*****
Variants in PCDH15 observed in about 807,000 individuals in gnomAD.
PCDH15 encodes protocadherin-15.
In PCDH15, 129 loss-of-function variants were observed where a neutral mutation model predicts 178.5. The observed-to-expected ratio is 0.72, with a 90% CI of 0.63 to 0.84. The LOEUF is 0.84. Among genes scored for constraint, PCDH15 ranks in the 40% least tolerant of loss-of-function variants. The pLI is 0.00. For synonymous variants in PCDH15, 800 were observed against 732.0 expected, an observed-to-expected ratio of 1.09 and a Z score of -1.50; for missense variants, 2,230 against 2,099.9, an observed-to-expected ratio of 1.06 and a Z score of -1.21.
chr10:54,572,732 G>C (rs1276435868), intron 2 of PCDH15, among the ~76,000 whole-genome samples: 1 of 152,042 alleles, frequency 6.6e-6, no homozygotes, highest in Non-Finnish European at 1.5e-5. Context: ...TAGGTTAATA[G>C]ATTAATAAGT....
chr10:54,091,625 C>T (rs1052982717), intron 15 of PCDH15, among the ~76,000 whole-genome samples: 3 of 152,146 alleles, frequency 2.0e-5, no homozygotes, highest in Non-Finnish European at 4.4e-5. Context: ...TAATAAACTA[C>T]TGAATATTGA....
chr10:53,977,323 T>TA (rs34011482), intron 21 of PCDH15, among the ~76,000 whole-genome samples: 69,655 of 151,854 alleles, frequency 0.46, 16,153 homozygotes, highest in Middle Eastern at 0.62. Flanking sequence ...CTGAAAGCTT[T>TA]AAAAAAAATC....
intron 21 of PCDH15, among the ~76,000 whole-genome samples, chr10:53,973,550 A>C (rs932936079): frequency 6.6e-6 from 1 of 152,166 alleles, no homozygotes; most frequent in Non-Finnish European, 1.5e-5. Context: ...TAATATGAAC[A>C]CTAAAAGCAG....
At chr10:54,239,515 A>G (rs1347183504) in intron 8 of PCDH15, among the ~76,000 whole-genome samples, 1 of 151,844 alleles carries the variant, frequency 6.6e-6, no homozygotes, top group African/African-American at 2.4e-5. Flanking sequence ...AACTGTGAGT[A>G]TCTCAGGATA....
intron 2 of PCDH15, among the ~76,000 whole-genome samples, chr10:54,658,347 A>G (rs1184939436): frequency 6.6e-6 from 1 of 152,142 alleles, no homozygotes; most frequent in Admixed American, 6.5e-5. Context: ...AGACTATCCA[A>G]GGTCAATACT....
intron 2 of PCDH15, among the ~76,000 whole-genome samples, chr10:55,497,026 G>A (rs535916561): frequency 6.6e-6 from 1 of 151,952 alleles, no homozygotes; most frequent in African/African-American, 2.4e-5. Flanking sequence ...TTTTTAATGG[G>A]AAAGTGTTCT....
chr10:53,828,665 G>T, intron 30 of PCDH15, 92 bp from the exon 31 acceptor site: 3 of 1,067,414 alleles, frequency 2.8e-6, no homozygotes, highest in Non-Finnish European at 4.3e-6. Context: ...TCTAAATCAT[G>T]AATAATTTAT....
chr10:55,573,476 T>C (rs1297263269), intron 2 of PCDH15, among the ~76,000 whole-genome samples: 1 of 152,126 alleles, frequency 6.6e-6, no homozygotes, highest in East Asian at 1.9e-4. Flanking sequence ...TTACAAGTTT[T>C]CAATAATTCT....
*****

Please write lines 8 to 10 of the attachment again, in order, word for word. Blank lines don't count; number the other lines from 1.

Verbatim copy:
At chr10:54,239,515 A>G (rs1347183504) in intron 8 of PCDH15, among the ~76,000 whole-genome samples, 1 of 151,844 alleles carries the variant, frequency 6.6e-6, no homozygotes, top group African/African-American at 2.4e-5. Flanking sequence ...AACTGTGAGT[A>G]TCTCAGGATA....
intron 2 of PCDH15, among the ~76,000 whole-genome samples, chr10:54,658,347 A>G (rs1184939436): frequency 6.6e-6 from 1 of 152,142 alleles, no homozygotes; most frequent in Admixed American, 6.5e-5. Context: ...AGACTATCCA[A>G]GGTCAATACT....
intron 2 of PCDH15, among the ~76,000 whole-genome samples, chr10:55,497,026 G>A (rs535916561): frequency 6.6e-6 from 1 of 151,952 alleles, no homozygotes; most frequent in African/African-American, 2.4e-5. Flanking sequence ...TTTTTAATGG[G>A]AAAGTGTTCT....